The Seventh Circuit has now issued a decision relating to the application of Wal-Mart Stores, Inc. v. Dukes, 131 S. Ct. 2541 (2011), to state law overtime disputes. While the decision is curious for many reasons, it may prove problematic for Seventh Circuit employers as it relates both to the issue of class definitions and as to how the Dukes “commonality” determination will apply to wage and hour claims.

In Ross v. RBS Citizens, N.A.pdfCase No. 10-3848 (7th Cir., Jan. 27, 2012), the plaintiffs brought two sets of claims against Charter One Bank. First, the plaintiffs contended that the bank denied overtime by discouraging hourly workers to record their overtime, “erased” their time when they did record it, and improperly used the concept of “comp” time. Second, they claimed that the bank misclassified assistant branch managers as exempt, arguing, as one might expect, that their jobs consisted primarily of non-exempt tasks. Although they asserted claims under both federal and Illinois law, they only sought certification as to the state law wage and hour claims.

The trial court certified two classes. The first was of hourly employees affected by “unlawful compensation policies.” The second was of the salaried assistant branch managers, who also were subject to “unlawful compensation policies.” The problem with these definitions is that they really don’t define the class at all: if the question is whether the class members were subject to “unlawful” policies, then logically if the employer acted lawfully there is no class.

Charter One sought review under Rule 23(f) and the Seventh Circuit originally accepted the case limited to the class definition issue. After oral argument, the Supreme Court decided the Dukes case and the court requested additional briefing on that opinion’s application.

The end result is disappointing and of limited utility for any party. First, one of the Seventh Circuit judges assigned the case died before it was decided, and one of the other judges was a district court judge sitting by designation. Thus, only two judges, and only one Seventh Circuit judge, decided the case. In any event, the court’s analysis of both issues was underwhelming to say the least.

The court first upheld the class definition under Rule 23(c)(1)(B), a Rule designed to protect parties against vague class definitions. The court, following the lead of the Third Circuit, found that a class definition satisfies the rule if it provided a “readily discernible, clear, and precise” definition of the class and a similar “readily discernible, clear, and complete” listing of claims and issues. So far, so good, but where the opinion breaks down is where it addresses the trial court’s definition couched in terms of “unlawful compensation policies.” The court makes no meaningful effort to defend such a definition but, instead, found that with the remainder of the trial court’s opinion made it clear that the classes consisted of (a) all hourly employees; and (b) all assistant managers. That is not a satisfactory answer and largely defeats the purpose of Rule 23(c)(1)(B) because it ignores the trial court’s use of the word “unlawful.” For a host of reasons, including the scope of discovery, the issues at trial and (in subsequent lawsuits) issues of res judicata and collateral estoppel, having an imprecise and questionable class definition only makes litigation of the class issues all the more difficult, unpredictable, and expensive.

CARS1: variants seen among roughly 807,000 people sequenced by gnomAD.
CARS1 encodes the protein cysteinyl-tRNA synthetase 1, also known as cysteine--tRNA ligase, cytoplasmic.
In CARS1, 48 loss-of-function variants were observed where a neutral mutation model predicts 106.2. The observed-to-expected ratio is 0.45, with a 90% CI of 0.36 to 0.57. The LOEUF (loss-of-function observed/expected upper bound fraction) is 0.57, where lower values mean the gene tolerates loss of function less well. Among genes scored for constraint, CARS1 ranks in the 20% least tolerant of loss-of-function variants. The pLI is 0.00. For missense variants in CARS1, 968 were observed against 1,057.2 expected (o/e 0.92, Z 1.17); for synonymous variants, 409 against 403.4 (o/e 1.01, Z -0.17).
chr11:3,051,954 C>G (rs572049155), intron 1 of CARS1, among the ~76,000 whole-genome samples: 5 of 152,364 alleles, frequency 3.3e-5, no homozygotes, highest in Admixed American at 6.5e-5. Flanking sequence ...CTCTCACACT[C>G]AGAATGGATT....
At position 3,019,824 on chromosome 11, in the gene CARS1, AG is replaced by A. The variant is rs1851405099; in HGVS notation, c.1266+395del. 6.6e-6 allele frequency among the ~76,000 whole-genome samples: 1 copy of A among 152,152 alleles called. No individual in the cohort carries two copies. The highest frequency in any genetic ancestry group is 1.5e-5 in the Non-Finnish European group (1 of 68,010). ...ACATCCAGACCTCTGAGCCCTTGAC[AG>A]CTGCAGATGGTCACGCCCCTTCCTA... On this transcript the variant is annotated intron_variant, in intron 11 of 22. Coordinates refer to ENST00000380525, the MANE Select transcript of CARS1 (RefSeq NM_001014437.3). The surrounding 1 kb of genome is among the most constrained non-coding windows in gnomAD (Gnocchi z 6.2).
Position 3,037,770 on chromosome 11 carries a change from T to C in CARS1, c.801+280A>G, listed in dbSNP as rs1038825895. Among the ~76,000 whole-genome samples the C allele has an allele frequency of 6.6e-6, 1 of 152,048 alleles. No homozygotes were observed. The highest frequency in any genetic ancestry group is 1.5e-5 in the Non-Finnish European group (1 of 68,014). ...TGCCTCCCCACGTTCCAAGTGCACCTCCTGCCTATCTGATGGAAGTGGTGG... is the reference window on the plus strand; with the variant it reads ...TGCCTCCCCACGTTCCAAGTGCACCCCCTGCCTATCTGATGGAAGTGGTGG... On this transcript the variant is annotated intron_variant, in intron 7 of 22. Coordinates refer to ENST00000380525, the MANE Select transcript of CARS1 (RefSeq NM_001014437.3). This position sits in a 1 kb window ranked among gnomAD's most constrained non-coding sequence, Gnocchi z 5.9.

The truncated court’s analysis of the Dukes issues, too, was disappointing. It recited some of the Dukes language relating to commonality under Rule 23(a)(2), but largely rejected its application because the proposed class consisted of barely 1,000 employees, rather than the over one million in Dukes. Turning Dukes on its head, the court found that the “glue” binding the case together was the common question of whether the company “policies” resulted in the employees being denied overtime. This was, of course, virtually the opposite of what the Dukes court held, which was that the “common question” was not simply whether the employer discriminated or violated the statute in question. The court refused to review any other issues relating to certification, including the obvious questions of predominance and superiority under Rule 23(b)(3).

The court’s decision will result in further proceedings that will likely be hobbled by the imprecise class definition and cardboard analysis of the commonality and remaining issues. Still, the opinion is likely to be cited by plaintiffs seeking certification of poorly defined classes based on allegations of unwritten policies.

The Bottom Line: The Seventh Circuit has issued a decision making it easier to pursue unfocused class allegations based on fairly general claims of wage and hour violations.